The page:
Common names sound interesting and may be easier to remember. It can be quite fun to compare different regional common names and dive into their origins. However, common names are completely unregulated so there’s a good chance that another person will assume you are referring to a completely different plant. That problem is eliminated when you us a proper name. Using a plant’s scientific name also increases the odds that the plant you are buying is the one you really want.

Rudebeckia lacinata
Rudbeckia laciniata, source: Katrin Schneider

A good example of a confusing common name is the “outhouse plant”  or “outhouse flower”. Before the days of indoor plumbing, tall flowers were grown around outhouses to disguise their look and smell from visitors. Rudbeckia laciniata ‘Hortensia’, a tall perennial with double yellow daisy flowers is the plant that most have in mind when referring to the outhouse plant, though it has other common names. Yet, in online gardening groups, outhouse plant is used to refer to any tall plant that resembles a yellow daisy. Rudbeckia laciniata is the original species, the North American native cutleaf coneflower, that boasts large single yellow daisy flowers and a prominent grey-green center. It too is called the outhouse plant.

Hollyhocks (Alcea rosea), a tall biennial, is also called outhouse plant because it was commonly planted around outhouses. It would be a major shock to order “outhouse flower” expecting clumps of fluffy yellow Rudebckia laciniata ‘Hortensia’ only to receive the straight and stately Alcea rosea!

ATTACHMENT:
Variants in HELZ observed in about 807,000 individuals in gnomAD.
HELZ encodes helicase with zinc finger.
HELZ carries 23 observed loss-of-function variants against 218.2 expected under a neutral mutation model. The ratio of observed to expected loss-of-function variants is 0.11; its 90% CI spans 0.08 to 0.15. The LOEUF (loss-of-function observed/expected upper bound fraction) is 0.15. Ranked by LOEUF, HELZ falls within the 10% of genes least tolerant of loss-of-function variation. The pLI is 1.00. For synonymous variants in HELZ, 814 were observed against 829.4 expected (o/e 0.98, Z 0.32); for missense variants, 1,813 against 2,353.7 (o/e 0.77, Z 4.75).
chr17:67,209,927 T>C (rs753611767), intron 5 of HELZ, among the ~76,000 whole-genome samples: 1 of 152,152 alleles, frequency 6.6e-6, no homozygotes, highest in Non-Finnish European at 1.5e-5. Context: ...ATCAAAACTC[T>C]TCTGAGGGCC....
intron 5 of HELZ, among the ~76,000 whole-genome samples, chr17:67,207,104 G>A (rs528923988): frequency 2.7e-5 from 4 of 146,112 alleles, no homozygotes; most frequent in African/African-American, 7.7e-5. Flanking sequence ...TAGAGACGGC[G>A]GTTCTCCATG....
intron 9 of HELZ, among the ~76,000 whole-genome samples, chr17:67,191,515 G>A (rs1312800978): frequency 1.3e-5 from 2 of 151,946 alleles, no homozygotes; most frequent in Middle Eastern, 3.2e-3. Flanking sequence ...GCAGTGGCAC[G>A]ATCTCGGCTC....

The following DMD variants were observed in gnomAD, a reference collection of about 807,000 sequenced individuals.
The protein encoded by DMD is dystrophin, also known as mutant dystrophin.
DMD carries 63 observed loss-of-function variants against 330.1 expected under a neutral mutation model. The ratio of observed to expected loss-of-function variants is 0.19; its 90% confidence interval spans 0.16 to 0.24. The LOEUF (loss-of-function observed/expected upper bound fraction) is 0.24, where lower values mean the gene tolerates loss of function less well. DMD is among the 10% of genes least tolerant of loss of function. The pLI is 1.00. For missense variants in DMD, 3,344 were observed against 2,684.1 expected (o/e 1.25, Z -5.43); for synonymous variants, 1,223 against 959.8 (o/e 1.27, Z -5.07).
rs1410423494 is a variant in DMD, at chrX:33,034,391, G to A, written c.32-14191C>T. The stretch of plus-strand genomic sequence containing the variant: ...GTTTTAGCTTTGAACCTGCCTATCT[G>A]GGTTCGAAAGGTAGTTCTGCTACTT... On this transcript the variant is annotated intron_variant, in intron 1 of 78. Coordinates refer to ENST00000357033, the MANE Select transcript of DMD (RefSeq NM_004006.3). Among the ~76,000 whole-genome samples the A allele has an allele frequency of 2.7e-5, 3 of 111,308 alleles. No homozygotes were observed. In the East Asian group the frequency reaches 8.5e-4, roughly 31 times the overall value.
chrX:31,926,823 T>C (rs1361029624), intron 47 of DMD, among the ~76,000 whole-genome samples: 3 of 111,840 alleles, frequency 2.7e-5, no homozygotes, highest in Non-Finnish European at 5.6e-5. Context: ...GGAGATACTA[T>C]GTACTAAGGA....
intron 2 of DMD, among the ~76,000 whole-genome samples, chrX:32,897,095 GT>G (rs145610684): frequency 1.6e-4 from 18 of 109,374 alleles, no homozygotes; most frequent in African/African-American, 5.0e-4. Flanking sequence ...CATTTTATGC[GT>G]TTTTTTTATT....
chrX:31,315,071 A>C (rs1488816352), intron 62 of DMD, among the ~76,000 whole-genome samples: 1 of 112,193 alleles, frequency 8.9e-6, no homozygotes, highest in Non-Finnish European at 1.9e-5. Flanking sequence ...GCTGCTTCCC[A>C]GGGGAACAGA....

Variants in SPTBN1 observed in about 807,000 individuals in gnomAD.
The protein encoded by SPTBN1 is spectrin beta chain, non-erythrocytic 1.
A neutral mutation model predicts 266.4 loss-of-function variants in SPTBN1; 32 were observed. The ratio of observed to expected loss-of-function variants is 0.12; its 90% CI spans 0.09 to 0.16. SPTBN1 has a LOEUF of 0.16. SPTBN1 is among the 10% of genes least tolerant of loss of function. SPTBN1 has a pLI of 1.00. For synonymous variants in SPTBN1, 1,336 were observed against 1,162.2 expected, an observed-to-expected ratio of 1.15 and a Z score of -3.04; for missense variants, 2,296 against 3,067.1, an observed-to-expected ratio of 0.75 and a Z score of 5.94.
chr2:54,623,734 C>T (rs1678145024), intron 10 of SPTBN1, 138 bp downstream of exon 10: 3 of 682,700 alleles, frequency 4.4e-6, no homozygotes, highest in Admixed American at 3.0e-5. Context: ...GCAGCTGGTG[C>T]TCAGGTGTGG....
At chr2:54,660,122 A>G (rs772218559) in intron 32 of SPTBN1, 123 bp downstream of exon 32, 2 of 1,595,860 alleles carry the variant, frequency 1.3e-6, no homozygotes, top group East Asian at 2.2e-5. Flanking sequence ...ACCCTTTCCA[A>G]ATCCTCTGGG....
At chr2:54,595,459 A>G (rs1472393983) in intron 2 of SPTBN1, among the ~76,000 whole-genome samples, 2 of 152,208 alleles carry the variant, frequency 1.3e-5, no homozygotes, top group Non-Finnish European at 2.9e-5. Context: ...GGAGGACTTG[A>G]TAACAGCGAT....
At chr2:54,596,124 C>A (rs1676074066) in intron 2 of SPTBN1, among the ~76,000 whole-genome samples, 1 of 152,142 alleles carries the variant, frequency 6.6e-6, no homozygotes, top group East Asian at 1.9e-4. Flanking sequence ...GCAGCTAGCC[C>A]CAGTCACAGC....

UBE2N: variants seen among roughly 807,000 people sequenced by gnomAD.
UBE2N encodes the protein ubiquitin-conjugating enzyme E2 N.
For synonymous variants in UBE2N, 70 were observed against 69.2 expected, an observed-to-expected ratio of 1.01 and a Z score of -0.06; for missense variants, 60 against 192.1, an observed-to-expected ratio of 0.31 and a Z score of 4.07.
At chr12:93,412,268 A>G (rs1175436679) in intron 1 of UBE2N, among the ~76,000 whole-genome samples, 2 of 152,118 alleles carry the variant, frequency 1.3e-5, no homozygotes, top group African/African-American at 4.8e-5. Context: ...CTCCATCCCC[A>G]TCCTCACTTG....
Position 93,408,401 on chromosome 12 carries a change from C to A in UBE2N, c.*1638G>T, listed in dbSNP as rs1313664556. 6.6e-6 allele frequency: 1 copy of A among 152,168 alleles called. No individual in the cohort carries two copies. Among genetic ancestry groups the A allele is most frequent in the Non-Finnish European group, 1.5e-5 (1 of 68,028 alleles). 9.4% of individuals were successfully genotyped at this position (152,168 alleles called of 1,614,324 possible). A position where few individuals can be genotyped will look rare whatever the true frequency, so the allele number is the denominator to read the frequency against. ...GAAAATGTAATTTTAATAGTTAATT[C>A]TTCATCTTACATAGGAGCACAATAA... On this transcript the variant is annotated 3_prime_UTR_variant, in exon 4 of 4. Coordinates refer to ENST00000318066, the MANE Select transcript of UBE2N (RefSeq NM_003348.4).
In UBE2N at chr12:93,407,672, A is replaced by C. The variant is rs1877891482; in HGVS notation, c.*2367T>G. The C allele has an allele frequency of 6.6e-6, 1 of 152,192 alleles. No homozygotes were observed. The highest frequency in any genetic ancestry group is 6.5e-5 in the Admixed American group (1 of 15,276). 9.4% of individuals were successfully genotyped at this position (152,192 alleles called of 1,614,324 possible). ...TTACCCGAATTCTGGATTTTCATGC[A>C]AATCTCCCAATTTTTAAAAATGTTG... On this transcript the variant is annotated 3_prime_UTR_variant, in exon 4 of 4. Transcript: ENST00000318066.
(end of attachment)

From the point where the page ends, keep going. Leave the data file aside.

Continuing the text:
You might also find the name Rudbeckia laciniata ‘Golden Glow’. This is an incorrectly used name for Rudbeckia laciniata ‘Hortensia’.

The Proper Way to Name Your Propagated Plants

Plants can be produced using seeds or through vegetative processes and the method used determines the correct name of the new plant.

From Seed:

Species grown from seed will retain the name of the parent. A variety name can also be used if you are certain that only one variety could have pollinated the mother plant. For example, the name Cersis canadensis var alba can be used for seedlings if there are no red colored redbuds in the area that could have provided pollen. If red and white redbuds grow together, then seedlings should be called just Cersis canadensis.